Friday, 21 March 2014

Fall of Cybertron Kickback

Series: Transformers Generations

Year: 2012
Company: Hasbro


Typically, my Transformers preferences lean toward vehicles. Imaginary or “realistic”, it doesn’t matter. I’m more ambivalent to Transformers that change into animals (except dinosaurs) and insects. But every now and then one will catch my eye. Kickback is one such character – his bot mode looks incredibly cool, and his alt mode isn’t too shabby either. Best of all, he is purple – though I don’t much care for the colour in real life, it always looks particularly cool on Decepticons.

My local Target was clearing out Generations figures for $16 each – presumably due to the new movie on the way – so after having my eye on Kickback for some months, it was time to pull the trigger on the purchase. Is he a fitting addition to my growing Transformers collection? Read on to see.

Even in bot mode, Kickback looks quite insect-like. His long, stalky limbs and his clawed hands make him look less humanoid than many Transformers, which I feel is a good thing. They’re robots after all – they don’t need to have “human” features at all, in theory. On the negative side, he has a light-piped “eye”, but it seems to have been painted over, blocking the effect. Still, he’s an excellent looking robot.

His alt mode -- a Cybertronian Insect  that looks a lot like a grasshopper -- by comparison, is okay but not great. I feel it looks better on the box than in real life. His arms join together to create the “tail” of the insect, and the join on mine is a little fragile. So it’s quite easy to pop it open, rendering you with a dismembered-looking bug.   
Articulation-wise on the main body, we’re looking at:

*ball-jointed head
*swivel-hinged shoulders

*ball-jointed elbows
*cut wrists

*ball-jointed hips
*swivel thighs

*hinged knees
*ball jointed ankles

The arms on his back have two joints as well – a balljoint where they connect to the back and a hinge in their middle.
The transformation process is one of the most convoluted I’ve seen. The first time I attempted it, I raced ahead a little, got a couple of steps wrong in subtle ways, and the whole thing just looked a little off as a result. But I gave it another try, and fortunately it worked properly then (though I did pop off a balljointed leg in the process). The instructions are in that horrible black, white and purple colour scheme again, making things needlessly difficult. They need to either include words and/or use properly coloured illustrations/photos.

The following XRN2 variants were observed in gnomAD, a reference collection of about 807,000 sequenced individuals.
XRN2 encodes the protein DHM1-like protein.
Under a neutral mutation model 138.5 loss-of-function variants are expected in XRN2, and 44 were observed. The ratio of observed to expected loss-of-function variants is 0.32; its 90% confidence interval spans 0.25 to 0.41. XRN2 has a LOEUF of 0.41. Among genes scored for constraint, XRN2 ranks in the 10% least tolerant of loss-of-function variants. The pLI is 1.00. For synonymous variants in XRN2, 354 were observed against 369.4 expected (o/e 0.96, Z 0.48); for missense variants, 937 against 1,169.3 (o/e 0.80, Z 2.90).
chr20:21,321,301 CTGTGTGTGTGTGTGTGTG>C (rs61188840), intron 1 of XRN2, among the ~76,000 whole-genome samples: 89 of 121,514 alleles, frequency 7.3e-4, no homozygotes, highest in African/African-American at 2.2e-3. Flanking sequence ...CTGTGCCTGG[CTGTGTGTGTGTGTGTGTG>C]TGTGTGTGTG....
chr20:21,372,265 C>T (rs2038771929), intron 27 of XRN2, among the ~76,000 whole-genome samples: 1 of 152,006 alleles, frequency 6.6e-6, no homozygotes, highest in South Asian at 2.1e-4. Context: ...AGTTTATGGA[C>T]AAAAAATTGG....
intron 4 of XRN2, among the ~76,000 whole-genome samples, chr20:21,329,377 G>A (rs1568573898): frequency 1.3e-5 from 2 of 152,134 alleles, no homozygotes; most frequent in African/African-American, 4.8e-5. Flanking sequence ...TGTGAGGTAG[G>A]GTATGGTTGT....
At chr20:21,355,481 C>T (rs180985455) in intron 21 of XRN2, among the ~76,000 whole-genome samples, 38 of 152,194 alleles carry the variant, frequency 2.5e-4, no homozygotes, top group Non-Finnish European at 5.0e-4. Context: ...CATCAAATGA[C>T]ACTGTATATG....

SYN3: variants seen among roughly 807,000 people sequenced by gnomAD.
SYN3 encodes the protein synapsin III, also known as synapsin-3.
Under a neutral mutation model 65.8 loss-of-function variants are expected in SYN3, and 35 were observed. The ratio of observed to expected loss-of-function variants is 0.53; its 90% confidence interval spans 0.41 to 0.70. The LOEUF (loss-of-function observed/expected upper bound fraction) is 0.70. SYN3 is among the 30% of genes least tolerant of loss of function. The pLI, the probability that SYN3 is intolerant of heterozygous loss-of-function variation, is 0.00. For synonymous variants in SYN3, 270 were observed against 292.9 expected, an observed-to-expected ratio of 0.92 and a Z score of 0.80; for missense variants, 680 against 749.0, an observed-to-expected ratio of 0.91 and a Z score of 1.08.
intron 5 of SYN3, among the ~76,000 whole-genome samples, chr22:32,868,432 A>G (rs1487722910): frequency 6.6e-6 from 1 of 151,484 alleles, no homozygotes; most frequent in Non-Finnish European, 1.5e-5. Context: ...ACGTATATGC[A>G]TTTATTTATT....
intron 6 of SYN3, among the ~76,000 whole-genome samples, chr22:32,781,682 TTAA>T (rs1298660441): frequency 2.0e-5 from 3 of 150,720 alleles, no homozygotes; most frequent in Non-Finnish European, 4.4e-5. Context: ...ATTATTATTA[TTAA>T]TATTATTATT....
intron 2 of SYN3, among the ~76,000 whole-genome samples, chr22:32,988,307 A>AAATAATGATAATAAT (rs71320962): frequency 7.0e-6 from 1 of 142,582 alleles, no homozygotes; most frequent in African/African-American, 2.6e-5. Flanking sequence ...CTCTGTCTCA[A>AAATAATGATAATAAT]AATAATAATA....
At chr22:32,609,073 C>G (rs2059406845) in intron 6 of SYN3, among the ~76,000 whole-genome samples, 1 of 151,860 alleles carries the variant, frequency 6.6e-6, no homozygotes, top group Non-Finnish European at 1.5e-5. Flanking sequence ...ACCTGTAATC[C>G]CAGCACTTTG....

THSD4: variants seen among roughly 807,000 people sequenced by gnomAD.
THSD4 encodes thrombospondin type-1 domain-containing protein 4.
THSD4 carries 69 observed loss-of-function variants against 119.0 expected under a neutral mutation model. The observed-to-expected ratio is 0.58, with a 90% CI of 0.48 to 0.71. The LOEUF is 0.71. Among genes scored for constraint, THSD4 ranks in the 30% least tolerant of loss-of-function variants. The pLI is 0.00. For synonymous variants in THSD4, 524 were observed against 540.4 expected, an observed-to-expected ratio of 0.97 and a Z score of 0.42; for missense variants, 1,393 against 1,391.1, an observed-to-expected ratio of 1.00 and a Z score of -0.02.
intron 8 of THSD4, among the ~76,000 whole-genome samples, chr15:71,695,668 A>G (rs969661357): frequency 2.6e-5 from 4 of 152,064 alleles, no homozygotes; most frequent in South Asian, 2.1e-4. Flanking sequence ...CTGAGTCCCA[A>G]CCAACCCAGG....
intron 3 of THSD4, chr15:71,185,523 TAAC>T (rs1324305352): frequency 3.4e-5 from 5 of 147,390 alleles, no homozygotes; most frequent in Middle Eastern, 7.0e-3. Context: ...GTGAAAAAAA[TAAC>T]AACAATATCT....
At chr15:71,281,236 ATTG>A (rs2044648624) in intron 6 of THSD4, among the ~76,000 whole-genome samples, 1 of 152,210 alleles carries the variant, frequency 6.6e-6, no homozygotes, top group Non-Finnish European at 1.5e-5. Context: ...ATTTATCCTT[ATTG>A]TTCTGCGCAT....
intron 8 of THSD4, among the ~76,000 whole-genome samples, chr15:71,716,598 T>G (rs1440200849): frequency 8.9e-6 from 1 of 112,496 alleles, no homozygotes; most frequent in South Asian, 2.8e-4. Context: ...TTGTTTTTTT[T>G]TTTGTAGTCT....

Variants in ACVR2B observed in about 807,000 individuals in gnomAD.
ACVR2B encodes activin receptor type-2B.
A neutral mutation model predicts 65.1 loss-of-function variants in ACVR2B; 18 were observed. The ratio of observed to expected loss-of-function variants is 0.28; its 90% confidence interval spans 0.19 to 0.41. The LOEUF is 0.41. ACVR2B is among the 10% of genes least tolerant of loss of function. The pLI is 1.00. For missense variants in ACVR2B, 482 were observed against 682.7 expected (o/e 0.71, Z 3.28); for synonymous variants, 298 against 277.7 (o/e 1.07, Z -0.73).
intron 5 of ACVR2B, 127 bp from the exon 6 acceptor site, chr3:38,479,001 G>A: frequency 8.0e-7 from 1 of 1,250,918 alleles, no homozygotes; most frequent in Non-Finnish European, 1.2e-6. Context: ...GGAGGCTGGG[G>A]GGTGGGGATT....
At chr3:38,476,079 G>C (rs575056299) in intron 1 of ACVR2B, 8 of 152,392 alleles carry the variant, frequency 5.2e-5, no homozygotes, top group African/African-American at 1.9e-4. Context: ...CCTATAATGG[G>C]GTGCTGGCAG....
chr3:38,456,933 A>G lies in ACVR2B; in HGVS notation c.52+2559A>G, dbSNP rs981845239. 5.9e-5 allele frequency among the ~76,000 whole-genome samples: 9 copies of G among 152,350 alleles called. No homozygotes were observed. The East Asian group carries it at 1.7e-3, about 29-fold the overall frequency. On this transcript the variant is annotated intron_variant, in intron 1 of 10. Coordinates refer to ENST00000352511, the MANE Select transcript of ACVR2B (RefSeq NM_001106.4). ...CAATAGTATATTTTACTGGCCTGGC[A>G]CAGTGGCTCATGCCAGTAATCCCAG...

One of my co-workers commented that he thought Kickback looked a bit fragile, and though I argued the point at the time, I’m now inclined to agree. I would be hesitant giving this to a kid for rough play – but hey, how many kids are actually buying this particular Transformers series?

The paint on Kickback is probably the best I’ve seen of the three Generations figures I’ve picked up. Most of him is moulded in the appropriate colours, but the areas with paint are quite clean and neat. The others were all a bit sloppy and fuzzy at the edges, but there’s a lot less of that here.

Kickback comes with a disc-shooter. Despite the stern warning on the back to not aim it at people’s eyes (as there should be), it seems to only shoot a couple of centimetres. It’s an okay gun, but it’s far too big and makes him overbalance unless you’re careful. So I’ll probably display him without it most of the time. 

As I’ve said in my previous two Transformers: Generations reviews, Hasbro has stumbled onto a good thing with these toys – and this time, the price was definitely right! If they were $16 all the time I’d probably buy the whole range. Though of course, that’s wishful thinking.

I’m still looking to pick up a Skywarp (another purple Decepticon!) and Scoop, though time will tell whether we actually see that wave get released in Australia. With these ones on clearance at Target, and some of them having been round for quite a while, I’m nursing some doubts about it. But hope springs eternal.

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